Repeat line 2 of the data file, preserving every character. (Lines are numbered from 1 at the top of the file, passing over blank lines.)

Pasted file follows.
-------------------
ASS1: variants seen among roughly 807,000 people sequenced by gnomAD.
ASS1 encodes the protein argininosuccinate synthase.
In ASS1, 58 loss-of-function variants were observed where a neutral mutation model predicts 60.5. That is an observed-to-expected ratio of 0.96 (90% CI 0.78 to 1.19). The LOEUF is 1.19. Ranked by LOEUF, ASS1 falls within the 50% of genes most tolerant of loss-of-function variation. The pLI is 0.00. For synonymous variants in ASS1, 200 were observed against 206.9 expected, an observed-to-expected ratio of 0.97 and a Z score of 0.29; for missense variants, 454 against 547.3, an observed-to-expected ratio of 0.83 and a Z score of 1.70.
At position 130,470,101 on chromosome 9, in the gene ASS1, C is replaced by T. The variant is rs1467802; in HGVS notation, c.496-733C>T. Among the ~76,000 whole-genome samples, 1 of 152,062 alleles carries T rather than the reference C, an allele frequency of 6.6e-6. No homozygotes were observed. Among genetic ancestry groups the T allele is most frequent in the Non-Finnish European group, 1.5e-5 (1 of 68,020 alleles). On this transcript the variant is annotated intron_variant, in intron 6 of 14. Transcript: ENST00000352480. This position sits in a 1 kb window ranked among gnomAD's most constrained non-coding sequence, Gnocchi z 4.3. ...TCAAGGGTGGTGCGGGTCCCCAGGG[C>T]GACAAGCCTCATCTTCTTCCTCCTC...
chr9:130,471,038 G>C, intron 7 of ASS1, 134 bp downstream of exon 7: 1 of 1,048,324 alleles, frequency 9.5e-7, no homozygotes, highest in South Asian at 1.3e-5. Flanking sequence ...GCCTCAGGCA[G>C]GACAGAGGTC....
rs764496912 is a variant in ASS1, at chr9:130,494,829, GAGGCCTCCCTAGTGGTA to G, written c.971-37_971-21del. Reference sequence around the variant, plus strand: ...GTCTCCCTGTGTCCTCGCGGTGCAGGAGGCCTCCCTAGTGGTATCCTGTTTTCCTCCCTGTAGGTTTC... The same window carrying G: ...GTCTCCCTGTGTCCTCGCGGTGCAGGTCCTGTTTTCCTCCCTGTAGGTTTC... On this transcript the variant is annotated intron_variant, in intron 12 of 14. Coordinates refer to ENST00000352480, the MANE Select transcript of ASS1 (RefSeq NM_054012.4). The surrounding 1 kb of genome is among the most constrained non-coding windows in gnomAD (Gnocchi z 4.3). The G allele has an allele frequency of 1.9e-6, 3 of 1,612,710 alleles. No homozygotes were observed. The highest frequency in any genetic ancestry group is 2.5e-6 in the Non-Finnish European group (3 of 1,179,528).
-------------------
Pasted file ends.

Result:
ASS1 encodes the protein argininosuccinate synthase.